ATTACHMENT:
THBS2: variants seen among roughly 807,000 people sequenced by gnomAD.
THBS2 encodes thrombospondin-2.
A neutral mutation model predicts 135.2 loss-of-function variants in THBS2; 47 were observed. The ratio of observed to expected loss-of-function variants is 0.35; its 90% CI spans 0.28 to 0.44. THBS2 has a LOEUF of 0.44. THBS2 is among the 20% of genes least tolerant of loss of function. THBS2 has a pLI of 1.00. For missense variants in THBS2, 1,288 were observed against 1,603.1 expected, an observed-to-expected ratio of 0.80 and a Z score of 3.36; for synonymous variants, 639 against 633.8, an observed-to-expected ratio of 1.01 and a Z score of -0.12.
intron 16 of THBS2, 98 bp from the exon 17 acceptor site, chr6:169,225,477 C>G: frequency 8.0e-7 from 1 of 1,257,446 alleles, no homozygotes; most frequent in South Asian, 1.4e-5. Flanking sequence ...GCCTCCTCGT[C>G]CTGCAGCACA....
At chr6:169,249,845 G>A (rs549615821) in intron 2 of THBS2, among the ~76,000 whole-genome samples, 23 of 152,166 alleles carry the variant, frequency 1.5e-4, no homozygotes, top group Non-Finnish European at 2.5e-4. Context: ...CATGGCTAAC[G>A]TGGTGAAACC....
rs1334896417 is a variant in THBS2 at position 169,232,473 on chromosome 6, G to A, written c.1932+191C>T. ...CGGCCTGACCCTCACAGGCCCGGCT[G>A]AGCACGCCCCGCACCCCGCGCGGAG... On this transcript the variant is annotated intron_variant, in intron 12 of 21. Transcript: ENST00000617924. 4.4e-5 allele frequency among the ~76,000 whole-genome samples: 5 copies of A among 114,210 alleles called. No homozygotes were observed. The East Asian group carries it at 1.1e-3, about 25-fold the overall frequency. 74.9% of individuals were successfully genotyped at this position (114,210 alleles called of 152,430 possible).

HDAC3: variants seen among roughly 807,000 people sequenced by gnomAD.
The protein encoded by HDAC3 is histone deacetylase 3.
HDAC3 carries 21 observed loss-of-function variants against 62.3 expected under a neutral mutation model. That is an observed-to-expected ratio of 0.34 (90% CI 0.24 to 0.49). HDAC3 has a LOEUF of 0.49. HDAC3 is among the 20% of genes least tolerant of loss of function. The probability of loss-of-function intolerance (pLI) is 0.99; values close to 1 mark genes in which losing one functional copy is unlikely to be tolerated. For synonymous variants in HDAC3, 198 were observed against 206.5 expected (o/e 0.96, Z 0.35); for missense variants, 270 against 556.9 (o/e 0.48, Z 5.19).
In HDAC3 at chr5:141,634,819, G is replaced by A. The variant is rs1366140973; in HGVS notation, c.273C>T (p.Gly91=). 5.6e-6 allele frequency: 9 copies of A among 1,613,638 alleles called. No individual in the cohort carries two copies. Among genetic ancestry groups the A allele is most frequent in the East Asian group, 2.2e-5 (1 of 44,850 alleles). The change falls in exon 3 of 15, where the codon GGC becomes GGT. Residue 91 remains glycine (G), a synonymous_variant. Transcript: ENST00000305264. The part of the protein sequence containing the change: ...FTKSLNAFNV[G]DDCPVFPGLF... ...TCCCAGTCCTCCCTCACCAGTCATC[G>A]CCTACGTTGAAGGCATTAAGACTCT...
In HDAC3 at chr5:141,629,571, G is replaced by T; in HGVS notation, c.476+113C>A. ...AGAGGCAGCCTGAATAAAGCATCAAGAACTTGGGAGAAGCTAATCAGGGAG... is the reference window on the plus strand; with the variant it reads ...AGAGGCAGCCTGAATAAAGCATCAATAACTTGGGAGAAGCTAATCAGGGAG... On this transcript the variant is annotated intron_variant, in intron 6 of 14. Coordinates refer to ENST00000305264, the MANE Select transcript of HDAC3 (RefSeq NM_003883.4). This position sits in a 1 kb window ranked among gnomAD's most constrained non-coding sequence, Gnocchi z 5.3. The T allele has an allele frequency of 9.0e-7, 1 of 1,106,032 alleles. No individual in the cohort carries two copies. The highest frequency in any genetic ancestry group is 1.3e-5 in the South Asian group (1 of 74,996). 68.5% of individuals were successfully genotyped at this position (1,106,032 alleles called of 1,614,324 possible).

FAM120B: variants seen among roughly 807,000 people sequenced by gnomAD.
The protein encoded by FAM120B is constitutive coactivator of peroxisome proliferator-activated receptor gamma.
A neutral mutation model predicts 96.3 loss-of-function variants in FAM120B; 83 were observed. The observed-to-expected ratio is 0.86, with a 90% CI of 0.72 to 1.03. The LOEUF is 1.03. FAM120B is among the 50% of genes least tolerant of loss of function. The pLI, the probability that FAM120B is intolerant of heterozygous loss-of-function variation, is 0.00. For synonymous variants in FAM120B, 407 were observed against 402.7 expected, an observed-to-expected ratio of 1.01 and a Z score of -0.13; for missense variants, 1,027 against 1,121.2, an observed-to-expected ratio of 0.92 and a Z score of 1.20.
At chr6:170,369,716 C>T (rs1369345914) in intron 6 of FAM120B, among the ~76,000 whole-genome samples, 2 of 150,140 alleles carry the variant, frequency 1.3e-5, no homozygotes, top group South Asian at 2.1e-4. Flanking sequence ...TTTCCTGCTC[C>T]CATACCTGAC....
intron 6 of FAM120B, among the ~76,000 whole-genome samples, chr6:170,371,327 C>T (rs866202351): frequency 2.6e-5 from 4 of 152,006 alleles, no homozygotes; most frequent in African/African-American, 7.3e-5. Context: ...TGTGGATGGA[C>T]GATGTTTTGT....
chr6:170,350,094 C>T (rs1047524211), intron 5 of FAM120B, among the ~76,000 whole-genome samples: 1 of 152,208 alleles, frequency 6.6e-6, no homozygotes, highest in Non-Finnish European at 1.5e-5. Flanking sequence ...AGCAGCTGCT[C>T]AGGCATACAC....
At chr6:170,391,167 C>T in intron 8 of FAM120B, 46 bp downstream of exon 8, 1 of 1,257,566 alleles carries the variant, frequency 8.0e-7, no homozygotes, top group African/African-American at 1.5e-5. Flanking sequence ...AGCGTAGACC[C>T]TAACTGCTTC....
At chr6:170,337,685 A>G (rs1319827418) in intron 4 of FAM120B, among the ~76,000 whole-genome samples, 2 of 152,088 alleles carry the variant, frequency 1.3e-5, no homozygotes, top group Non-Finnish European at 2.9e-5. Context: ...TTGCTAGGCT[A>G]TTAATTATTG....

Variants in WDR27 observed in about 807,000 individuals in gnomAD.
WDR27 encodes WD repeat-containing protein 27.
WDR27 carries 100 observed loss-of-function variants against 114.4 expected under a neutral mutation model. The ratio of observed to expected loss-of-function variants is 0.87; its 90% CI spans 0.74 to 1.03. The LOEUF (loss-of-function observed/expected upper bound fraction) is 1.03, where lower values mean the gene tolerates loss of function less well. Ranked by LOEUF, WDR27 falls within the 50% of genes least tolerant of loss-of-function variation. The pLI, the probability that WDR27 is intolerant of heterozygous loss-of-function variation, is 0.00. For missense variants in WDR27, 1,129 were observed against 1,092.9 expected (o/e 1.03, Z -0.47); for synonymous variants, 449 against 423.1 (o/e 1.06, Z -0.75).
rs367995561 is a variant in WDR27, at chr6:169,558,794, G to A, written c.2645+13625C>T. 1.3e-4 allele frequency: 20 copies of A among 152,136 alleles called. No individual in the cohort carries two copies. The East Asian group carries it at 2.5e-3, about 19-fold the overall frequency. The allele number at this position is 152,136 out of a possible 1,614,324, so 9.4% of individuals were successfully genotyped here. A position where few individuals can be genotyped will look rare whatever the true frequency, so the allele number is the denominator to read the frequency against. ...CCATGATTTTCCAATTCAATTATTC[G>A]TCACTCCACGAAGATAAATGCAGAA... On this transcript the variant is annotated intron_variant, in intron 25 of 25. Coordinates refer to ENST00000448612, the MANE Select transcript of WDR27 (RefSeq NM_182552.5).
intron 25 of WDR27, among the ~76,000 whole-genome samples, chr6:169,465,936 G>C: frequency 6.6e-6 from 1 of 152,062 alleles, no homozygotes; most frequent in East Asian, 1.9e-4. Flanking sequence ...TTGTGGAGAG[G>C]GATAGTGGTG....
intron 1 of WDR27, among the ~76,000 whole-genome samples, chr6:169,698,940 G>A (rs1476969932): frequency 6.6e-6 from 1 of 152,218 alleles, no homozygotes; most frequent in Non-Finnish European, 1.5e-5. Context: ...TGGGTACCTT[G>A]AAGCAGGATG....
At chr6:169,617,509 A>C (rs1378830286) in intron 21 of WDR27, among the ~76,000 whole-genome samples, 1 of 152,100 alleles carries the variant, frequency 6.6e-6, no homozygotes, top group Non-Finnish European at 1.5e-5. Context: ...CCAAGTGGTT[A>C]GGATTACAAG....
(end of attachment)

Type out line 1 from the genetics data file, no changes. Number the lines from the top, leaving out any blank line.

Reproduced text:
THBS2: variants seen among roughly 807,000 people sequenced by gnomAD.